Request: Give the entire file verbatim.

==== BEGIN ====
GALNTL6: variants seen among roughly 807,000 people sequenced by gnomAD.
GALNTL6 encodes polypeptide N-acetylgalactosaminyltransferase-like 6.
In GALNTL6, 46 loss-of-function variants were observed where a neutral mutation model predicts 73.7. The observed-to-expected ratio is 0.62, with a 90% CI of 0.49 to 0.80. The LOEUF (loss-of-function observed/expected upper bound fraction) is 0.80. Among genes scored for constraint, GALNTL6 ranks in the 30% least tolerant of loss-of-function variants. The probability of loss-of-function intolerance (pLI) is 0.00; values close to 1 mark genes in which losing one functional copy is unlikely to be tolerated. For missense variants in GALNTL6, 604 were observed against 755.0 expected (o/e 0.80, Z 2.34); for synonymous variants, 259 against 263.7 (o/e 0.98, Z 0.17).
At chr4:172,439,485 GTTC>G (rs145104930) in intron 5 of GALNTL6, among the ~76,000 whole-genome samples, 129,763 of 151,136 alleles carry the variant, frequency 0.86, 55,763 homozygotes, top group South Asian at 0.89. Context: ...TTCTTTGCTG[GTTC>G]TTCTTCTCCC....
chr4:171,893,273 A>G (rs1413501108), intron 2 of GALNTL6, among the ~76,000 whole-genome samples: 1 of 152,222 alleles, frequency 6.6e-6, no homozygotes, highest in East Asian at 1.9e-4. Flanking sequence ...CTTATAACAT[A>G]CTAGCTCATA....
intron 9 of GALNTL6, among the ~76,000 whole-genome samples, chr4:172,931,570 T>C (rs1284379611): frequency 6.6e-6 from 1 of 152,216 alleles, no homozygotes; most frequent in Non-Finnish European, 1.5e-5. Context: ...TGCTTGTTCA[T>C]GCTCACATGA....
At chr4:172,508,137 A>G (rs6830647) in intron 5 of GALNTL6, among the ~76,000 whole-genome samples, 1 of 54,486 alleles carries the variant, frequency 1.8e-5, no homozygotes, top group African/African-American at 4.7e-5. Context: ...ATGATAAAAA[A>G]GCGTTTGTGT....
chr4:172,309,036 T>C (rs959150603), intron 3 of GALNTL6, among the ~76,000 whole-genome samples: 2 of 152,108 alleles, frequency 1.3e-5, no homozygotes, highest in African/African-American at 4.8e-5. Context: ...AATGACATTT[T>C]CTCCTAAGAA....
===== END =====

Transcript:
GALNTL6: variants seen among roughly 807,000 people sequenced by gnomAD.
GALNTL6 encodes polypeptide N-acetylgalactosaminyltransferase-like 6.
In GALNTL6, 46 loss-of-function variants were observed where a neutral mutation model predicts 73.7. The observed-to-expected ratio is 0.62, with a 90% CI of 0.49 to 0.80. The LOEUF (loss-of-function observed/expected upper bound fraction) is 0.80. Among genes scored for constraint, GALNTL6 ranks in the 30% least tolerant of loss-of-function variants. The probability of loss-of-function intolerance (pLI) is 0.00; values close to 1 mark genes in which losing one functional copy is unlikely to be tolerated. For missense variants in GALNTL6, 604 were observed against 755.0 expected (o/e 0.80, Z 2.34); for synonymous variants, 259 against 263.7 (o/e 0.98, Z 0.17).
At chr4:172,439,485 GTTC>G (rs145104930) in intron 5 of GALNTL6, among the ~76,000 whole-genome samples, 129,763 of 151,136 alleles carry the variant, frequency 0.86, 55,763 homozygotes, top group South Asian at 0.89. Context: ...TTCTTTGCTG[GTTC>G]TTCTTCTCCC....
chr4:171,893,273 A>G (rs1413501108), intron 2 of GALNTL6, among the ~76,000 whole-genome samples: 1 of 152,222 alleles, frequency 6.6e-6, no homozygotes, highest in East Asian at 1.9e-4. Flanking sequence ...CTTATAACAT[A>G]CTAGCTCATA....
intron 9 of GALNTL6, among the ~76,000 whole-genome samples, chr4:172,931,570 T>C (rs1284379611): frequency 6.6e-6 from 1 of 152,216 alleles, no homozygotes; most frequent in Non-Finnish European, 1.5e-5. Context: ...TGCTTGTTCA[T>C]GCTCACATGA....
At chr4:172,508,137 A>G (rs6830647) in intron 5 of GALNTL6, among the ~76,000 whole-genome samples, 1 of 54,486 alleles carries the variant, frequency 1.8e-5, no homozygotes, top group African/African-American at 4.7e-5. Context: ...ATGATAAAAA[A>G]GCGTTTGTGT....
chr4:172,309,036 T>C (rs959150603), intron 3 of GALNTL6, among the ~76,000 whole-genome samples: 2 of 152,108 alleles, frequency 1.3e-5, no homozygotes, highest in African/African-American at 4.8e-5. Context: ...AATGACATTT[T>C]CTCCTAAGAA....